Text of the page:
Pikmin 2 (GameCube)
Pikmin 2 starts off right where the original game ended. Captain Olimar returns to his home planet, but he's in for a rude surprise. His employer Hocotate Freight faces bankruptcy because a precious delivery of golden pikpik carrots got stolen by space bunnies. When it turns out that the souvenir Olimar brought from his journey is worth a lot of money, his boss immediately sends him back to the same planet, this time with his colleague Louie. Upon arrival, Olimar and Louie get split up which serves as a tutorial for the new teamwork. Both characters can control their own groups of Pikmin for improved multitasking. Additionally, many of the controls got refined to speed up processes and make them more convenient. If only the color selection of Pikmin to throw wasn't prone to errors because the little beings need some time to move in order behind their leader...
The biggest changes compared to the predecessor are the removal of the day limit and the shift of most of the gameplay towards the underground. The gameplay on the surface is still very similar with environmental puzzles and treasure to collect, but the vast majority of time is spent in caves that have a varying amount of floors and house all of the bosses. The major caveat? Supplies are heavily limited underground as you can't grow new Pikmin aside from very special exceptions. This means that Pikmin cease to be disposable and every "man" counts. Thankfully, each cave shows which kind of hazards you have to expect, so you can prepare with an appropriate color composition of your army. The new purple Pikmin are slow, heavy and strong, so they can stun enemies and each one counts as ten when carrying dead bodies or loot. The white Pikmin are not only resistant to poison, they are also poisonous themselves and therefore harmful to enemies who eat them.
The caves are graphically more varied than you'd expect and at times completely illogical in the environments you encounter. But lack of reason is preferable to a monotonous look, so it's okay. What's less acceptable is the built-in randomness of floors. Rooms and corridors do not have definite layouts and similarly the placement of the enemies isn't predetermined. Amount and type of enemies and treasure will always be the same, but their positions differ. This can lead to nightmarish situations towards the backend of Pikmin 2 as it seems the developers try to piss off the player as much as possible. It's here where it becomes apparent that you are dealing with lazy game design. There's an auto-save upon entering any given cave and completing any given floor, so if things go bad, there's always the option to reset the game and reload the save file. When the player is given such a powerful tool, it's common that developers do not bother with fairness or anything else respectable. So if you drop into a new floor and look at what's immediately ahead of you, it doesn't matter that a frog spawned so closely behind you that it squashes 20 Pikmin before you can react.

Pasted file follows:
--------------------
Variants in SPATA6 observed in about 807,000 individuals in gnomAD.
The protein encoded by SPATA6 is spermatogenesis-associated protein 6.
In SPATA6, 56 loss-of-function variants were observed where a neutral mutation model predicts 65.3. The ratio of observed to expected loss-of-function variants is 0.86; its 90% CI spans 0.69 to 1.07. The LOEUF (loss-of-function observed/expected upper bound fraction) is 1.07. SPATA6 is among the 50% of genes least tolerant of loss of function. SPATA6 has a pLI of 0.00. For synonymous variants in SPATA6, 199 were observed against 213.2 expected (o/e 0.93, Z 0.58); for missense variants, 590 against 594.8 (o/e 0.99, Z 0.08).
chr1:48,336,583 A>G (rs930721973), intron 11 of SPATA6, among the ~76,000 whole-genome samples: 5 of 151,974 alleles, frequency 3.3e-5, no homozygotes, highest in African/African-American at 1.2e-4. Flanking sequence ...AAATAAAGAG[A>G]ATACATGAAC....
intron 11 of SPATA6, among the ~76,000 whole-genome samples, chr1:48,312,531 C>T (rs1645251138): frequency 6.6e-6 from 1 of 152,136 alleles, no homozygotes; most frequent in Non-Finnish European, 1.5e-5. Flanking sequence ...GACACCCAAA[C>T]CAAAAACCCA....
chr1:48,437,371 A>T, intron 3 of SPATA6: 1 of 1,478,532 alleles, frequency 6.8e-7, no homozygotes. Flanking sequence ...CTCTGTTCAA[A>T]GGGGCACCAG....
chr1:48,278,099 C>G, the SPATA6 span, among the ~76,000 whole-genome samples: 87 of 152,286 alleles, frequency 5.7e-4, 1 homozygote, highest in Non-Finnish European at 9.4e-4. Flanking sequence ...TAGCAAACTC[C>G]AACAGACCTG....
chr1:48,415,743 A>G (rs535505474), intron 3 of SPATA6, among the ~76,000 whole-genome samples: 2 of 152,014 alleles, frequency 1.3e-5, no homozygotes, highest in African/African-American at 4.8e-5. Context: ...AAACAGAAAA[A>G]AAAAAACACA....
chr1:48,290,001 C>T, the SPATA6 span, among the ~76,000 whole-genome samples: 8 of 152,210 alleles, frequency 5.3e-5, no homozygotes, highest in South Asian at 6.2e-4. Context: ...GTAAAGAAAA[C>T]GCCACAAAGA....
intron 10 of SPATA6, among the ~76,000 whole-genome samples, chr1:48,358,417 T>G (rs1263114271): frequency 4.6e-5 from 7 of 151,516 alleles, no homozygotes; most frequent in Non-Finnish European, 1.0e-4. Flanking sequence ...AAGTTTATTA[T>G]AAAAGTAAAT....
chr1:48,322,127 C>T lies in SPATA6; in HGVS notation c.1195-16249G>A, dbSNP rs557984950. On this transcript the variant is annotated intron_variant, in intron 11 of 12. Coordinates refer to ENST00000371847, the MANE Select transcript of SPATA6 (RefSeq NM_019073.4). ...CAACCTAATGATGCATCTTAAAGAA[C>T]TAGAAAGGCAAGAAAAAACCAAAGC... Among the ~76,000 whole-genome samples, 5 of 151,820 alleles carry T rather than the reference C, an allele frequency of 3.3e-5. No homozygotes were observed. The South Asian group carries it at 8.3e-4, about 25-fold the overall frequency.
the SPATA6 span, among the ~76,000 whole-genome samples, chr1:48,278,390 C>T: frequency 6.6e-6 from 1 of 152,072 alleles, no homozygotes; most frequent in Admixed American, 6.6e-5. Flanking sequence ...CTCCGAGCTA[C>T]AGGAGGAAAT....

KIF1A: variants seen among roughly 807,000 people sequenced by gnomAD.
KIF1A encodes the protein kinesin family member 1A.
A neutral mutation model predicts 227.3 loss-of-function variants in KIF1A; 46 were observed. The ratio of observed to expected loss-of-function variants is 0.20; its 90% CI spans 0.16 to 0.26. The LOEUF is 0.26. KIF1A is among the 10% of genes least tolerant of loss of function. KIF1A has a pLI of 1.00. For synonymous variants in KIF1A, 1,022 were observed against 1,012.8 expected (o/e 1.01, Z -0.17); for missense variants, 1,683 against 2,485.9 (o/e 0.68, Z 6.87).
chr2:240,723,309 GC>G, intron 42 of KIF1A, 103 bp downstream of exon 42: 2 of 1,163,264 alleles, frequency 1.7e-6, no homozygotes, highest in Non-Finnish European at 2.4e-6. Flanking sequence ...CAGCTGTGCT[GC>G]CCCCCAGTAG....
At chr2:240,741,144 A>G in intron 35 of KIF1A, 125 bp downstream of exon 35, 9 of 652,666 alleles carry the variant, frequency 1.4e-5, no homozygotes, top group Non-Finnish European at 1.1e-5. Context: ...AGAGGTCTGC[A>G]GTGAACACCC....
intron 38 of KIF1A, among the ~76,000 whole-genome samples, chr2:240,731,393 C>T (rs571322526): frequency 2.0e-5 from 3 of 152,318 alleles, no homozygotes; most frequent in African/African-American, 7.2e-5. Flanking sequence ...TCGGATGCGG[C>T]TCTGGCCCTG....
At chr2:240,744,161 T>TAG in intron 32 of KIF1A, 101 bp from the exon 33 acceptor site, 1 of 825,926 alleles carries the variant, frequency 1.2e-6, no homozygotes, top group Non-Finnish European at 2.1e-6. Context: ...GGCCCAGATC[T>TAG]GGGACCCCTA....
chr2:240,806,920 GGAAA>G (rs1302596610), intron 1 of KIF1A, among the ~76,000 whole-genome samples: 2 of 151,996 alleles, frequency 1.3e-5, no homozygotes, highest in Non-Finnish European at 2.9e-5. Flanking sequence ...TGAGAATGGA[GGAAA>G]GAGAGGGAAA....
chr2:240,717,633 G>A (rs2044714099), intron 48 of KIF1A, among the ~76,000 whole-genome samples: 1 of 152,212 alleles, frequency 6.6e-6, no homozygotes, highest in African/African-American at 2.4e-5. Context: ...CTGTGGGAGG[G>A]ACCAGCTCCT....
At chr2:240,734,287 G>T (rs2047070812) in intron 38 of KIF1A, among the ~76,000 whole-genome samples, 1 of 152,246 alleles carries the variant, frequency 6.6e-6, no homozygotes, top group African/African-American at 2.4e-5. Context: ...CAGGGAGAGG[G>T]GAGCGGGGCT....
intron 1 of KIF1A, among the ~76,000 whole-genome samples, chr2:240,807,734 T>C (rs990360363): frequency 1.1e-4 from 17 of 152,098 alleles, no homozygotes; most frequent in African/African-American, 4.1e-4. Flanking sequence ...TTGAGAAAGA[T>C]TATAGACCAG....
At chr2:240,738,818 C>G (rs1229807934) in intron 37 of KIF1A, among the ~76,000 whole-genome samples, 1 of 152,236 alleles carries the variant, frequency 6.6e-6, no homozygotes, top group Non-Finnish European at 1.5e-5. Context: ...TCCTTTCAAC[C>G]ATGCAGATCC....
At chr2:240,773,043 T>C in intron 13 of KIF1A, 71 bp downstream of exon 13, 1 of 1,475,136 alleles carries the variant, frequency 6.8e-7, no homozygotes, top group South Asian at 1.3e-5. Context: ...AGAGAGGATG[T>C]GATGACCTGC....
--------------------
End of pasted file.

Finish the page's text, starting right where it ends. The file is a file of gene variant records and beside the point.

Make no mistake, Pikmin 2 is better than its predecessor because of numerous improvements, including a much longer campaign and a worthwhile challenge mode that tasks you with collecting as much treasure as possible within a time limit and with a limited amount of Pikmin. But when the final stretch of the story mode, especially the very last cave without reinforcements, throws so much bullshit at the player, then things are moving from challenging to frustrating and unfair. The final boss doesn't show a health bar, so it's hard to figure if anything you do is doing anything to him. Usually improvements on a scale like in Pikmin 2 would lead to a higher score, but the game ends on such a sour note that I don't think an 8 is justified.
|Controls||10||Pikmin are now easier to get across bridges. Selecting the
color of Pikmin to throw can lead to unpleasant errors.
|Gameplay||Purple and white Pikmin get added to the mix. Yellow ones
are now immune to electricity. Challenging caves.
|Story||What humans consider trash is apparently treasure on the
planet Hocotate. Olimar and Louie clean up Earth.
|Single-player||The time limit has been removed and the campaign's length
more than doubled. Some infuriating situations.
|Multiplayer||The 30 levels of challenge mode can be played co-operatively.
Shared work makes time limits more manageable.
|Graphics||Minor improvements over the first game. The horizontal
splitscreen in multiplayer is not ideal.
|Sound||Much like the rest of Pikmin 2, refinement
over the predecessor is the theme of the game.
|Value||More than 20 hours to complete the campaign,
plus a substantial challenge mode for one or two players.
|Replay Value||Various high scores in both modes can be improved upon,
but nothing new in either mode.
|Score||7||Whereas the first game benefited from originality, Pikmin 2
suffers from some plain unfair level design.